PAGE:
Quercus robur (English Oak) & Tuber borchii (Bianchetto truffle)
Your truffle tree should be planted in the ground as soon as possible. If you are unable to plant immediately, the tree can be temporarily placed in a 2-gallon pot filled with natural soil amended with 50% perlite, and 5% agricultural lime by volume. Place in a cool area and water the tree gently with a mist nozzle to prevent compaction of the soil. It is important to complete the soil preparation before planting the tree. Truffle farming is a new science, and results are less predictable than with most other crops.
Bianchetto truffles are found in a wide range of soils and climates, and occur naturally throughout most of Europe. Truffles receive their energy from sugars produced by the host tree. It is therefore essential to give your truffle tree full sun all day without competition for light from neighboring trees. The soils where truffles live naturally are always very well drained with no standing water at any time of the year and a seasonal high water table well below the rooting zone of the tree. Truffles are unlikely to grow well in wet soils.
Preperation & Planting
Natural bianchetto truffle patches have soil pH ranging between 7 and 8, which is high for most parts of the U.S. with mild winters. Most growers therefore amend the soil with calcium carbonate lime (agricultural lime) to raise the pH before planting their trees. This often requires on the order of 350 pounds of lime spread in a radius 15+ feet from the tree, and worked into the soil to a depth of at least six inches. You can also get a more precise lime recommendation to reach a soil pH of 7.0 from a soil testing laboratory. The tree can be planted immediately after the lime is worked into the soil even though lime takes two or more years to have its full effect on soil pH. After two years, pH should be tested annually to determine whether supplemental lime is needed (it is essential to use only calcium carbonate, no other chemical formulations of lime). Dig a hole approximately one foot deep and one foot wide, remove the pot and place the tree in the hole. Fill the soil around the root plug, keeping the top of the root plug even with the soil surface. Do not amend the soil with compost, and fertilize lightly, if at all. If soil is heavy, it can be beneficial to amend it generously with pea gravel or perlite to improve aeration.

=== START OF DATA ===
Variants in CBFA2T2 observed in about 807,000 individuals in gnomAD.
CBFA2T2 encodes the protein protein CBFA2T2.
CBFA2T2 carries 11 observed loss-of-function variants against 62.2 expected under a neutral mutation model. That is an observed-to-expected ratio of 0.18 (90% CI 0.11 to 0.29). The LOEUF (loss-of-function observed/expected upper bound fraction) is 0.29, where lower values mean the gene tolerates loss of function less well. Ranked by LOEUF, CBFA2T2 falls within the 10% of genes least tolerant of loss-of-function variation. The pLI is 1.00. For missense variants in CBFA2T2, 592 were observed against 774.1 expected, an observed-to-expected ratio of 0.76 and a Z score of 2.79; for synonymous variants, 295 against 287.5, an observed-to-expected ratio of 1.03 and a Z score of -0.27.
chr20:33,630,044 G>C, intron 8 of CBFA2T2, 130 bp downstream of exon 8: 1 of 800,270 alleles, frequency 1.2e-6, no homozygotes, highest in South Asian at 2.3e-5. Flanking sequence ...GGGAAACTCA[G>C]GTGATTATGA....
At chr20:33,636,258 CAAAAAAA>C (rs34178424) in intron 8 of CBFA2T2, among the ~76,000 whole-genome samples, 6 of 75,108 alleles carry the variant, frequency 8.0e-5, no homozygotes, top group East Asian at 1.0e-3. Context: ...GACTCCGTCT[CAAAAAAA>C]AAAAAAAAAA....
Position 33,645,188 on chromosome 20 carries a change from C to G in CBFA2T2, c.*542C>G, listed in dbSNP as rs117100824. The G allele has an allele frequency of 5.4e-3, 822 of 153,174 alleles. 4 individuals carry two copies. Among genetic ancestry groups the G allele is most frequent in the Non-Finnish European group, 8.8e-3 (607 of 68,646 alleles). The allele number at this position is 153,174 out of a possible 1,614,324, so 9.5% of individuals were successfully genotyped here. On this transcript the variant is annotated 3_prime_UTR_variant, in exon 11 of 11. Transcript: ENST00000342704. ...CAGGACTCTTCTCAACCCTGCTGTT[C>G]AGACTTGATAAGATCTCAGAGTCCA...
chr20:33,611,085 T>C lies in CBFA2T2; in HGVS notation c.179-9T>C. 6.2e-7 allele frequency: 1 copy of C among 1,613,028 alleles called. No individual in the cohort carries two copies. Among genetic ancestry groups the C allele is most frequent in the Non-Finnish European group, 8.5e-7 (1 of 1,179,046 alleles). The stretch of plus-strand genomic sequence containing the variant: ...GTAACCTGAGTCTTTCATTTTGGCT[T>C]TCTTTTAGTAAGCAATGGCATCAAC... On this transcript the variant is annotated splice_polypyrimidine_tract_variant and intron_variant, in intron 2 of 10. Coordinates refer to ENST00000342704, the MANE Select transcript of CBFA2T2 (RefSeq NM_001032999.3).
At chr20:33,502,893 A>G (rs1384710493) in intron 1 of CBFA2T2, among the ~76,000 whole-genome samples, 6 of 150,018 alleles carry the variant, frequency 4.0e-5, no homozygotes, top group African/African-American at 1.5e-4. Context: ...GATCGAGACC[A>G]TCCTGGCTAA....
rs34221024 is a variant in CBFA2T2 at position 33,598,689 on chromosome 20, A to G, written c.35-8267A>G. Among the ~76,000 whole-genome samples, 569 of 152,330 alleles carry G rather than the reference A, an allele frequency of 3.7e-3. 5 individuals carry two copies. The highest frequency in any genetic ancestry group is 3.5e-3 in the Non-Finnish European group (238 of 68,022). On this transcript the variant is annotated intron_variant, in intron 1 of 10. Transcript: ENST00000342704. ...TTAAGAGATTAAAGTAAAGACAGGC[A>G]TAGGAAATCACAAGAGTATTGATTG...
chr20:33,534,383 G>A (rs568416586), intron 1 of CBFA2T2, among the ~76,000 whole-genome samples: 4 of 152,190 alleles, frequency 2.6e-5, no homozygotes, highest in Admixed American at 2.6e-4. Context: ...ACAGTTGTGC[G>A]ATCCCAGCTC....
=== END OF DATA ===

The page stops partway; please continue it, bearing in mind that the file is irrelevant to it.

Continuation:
Like all perennials, your truffle tree will grow more rapidly and the truffle is more likely to thrive on its roots if weeds and grass are eliminated within several feet of the tree. Beyond that, mowing is sufficient. Light cultivation of the soil around the tree once in early spring (March or April, weather permitting) is helpful to control weeds and to aerate the soil, improving the vigor of truffle mycorrhizae. Do not cultivate the soil at any other time of year. Hand weeding or a propane weeding torch are the best ways to eliminate unwanted vegetation through the rest of the year. Some pruning will eventually become necessary for weed control and aesthetics, but the truffles will fruit best in shady conditions beneath the tree's canopy. Regular watering through dry weather is essential to ensure a crop.
Size at Maturity
Your oak tree will develop into a large, deciduous shade tree with a maximum height and width of 30-65 feet. Your truffles should fruit well before that, though. You can plant multiple trees closer together to produce more shade beneath them.
Bianchetto truffles can fruit in three to four years, or longer if the trees are stressed by weeds, pests, or lack of water. They ripen underground between January and April. Most growers find their first truffles either poking through the soil surface, or where squirrels have unearthed them, but harvesting will eventually require a trained dog to sniff them out.